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  • ISSN: 2373-9819
    JSM Clin Case Rep 2(4): 1045.
    Submitted: 05 February 2014; Accepted: 03 March 2014; Published: 14 March 2014
    Case Report
    Anterior and Navigated Posterior Fusion in Cervical Spondylodiscitis. A Case Report and Review of the Literature
    Timo Stübig*, Sebastian Decker, Stephan Brand, Martin Panzica, Christian Krettek and Christian W Müller
    Department of Trauma, Hannover Medical School, Germany
    *Corresponding author: Timo Stübig, Department of Trauma, Medical School Hannover, Carl- Neuberg-Str. 130625 Hannover, Germany, Tel: 495115322026; Fax: 495115325788; Email: stuebig.timo@mh-hannover.de
    Abstract
    Object: We describe the surgical treatment of a 44 year old woman presenting with spondylodiscitis from C4 to C6 and incomplete tetraparesis. She was transferred to our hospital after incomplete cervical decompression from C3-6 in a county hospital. Our therapy regimen was performed in 3 stages: First wie performed an implant removal and external fixation using a halofixateur with microbial eradication followed by anterior fusion and finally navigated posterior stabilization and fusion from C3 to C7. This is the first documented case of computer navigated posterior CT-based fusion in multilevel cervical spondylodiscitis. The postoperative CT showed a correct implant positioning, the initial neurological symptoms decreased during the admission in our hospital and thereafter.
    Introduction
    Spondylodiscitis represents an important clinical problem that often requires aggressive medical therapy often followed by surgical debridement and stabilization [1]. There are three main contamination routes: hematogenous spread, external inoculation or involvement from adjacent tissue [1, 2].
    Known risk factors for spondylodiscitis include diabetes mellitus, rheumatoid arthritis, immunosuppression, alcoholism, long-term steroid use, concomitant infections, severe trauma, tumor and previous surgery [1, 3, 4].
    Cervical spondylodiscitis is a rare disease, that is linked, in comparison with other spinal locations, with significantly more neurological involvement, it also requires more often surgical treatment and represents an increased mortality [5].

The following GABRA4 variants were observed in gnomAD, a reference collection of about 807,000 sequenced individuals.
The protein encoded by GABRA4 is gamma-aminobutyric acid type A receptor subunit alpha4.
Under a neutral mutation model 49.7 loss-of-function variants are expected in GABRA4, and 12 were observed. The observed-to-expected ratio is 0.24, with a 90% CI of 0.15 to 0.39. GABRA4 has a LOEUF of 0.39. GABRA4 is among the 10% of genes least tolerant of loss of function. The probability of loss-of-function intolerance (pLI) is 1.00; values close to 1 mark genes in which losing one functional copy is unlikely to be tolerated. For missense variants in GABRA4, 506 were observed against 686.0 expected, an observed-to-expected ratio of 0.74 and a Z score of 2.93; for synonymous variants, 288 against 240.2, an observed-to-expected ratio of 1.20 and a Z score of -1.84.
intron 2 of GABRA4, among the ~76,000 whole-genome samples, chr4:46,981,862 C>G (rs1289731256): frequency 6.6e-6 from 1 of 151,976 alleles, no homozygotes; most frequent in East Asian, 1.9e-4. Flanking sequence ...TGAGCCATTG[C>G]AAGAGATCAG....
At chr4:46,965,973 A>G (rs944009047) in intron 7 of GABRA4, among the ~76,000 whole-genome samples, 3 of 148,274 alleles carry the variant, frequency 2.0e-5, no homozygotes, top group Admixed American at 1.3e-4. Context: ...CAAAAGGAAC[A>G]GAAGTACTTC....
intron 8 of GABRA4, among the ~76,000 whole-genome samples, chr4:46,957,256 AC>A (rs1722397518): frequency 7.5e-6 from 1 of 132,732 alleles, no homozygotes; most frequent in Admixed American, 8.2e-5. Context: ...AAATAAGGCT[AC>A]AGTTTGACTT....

Microbiological findings
    Identifying the causative agent is crucial for successful conservative treatment; however the agent is found in 49% of cases only [6, 7].
    In pyogenic spondylodiscitis, Staphylococcus aureus is the most frequent isolated agent, being found in more than 50% of the pyogenic spondylodiscitis while Gram-negative species as Escherichia coli are found in immunocompromised patients, the agents found in intravenous drug abusers consist of Staphylococcus aureus, Pseudomonas aeruginosa and S. epidermidis [8]. In patients with infective endocarditis, Streptococcus viridans should also be suspected. Coagulasenegative staphylococci and Propionibacterium are the microorganisms that are found in osteomyelitis after spinal surgery, particularly if instrumentation is used [1,9,10].
    Diagnostic imaging
    The first step in diagnostic imaging are plain photographs, which should be followed by magnet resonance imaging, as these imaging modalities can reach an accuracy of 90% in the diagnosis of spondylodiscitis [1,11]. Furthermore, specific aspects like epidural abscesses, the simultaneous presence of soft tissue swelling, obliteration of fat planes around the vertebral bodies, and fragmentation or erosive changes in the vertebral end plates can be evaluated [1, 11] . Magnet Resonance Imaging (MRI) is reported to be more sensitive than Computertomography (CT) especially in the early detection of osteomyelitis. However there may be several indications for the use of CT, e.g. when contradictions to MRI are present, if a fracture occured or if a CTguided biopsy or drain is planned [12,13].
    While conservative treatment is the gold standard to handle spondylodiscitis, surgical treatment is necessary in some conditions, that include pathologic fractures, neurologic deficits, epidural abscess formations, persistent sepsis despite antibiotic treatment, inacceptable pain and distinctive deformities of the spinal column [1,2,14]. While cervical spondylodiscitis is generally treated using an anterior approach and anterior debridement followed by fusion, thoracic and lumbar spine patients are reported to benefit more from a posterior approach, posterior laminectomy, debridement and stabilization [1,15]. Segmental defects can be restored, depending on their size with either tricortical bone grafts, or titanium cages [16].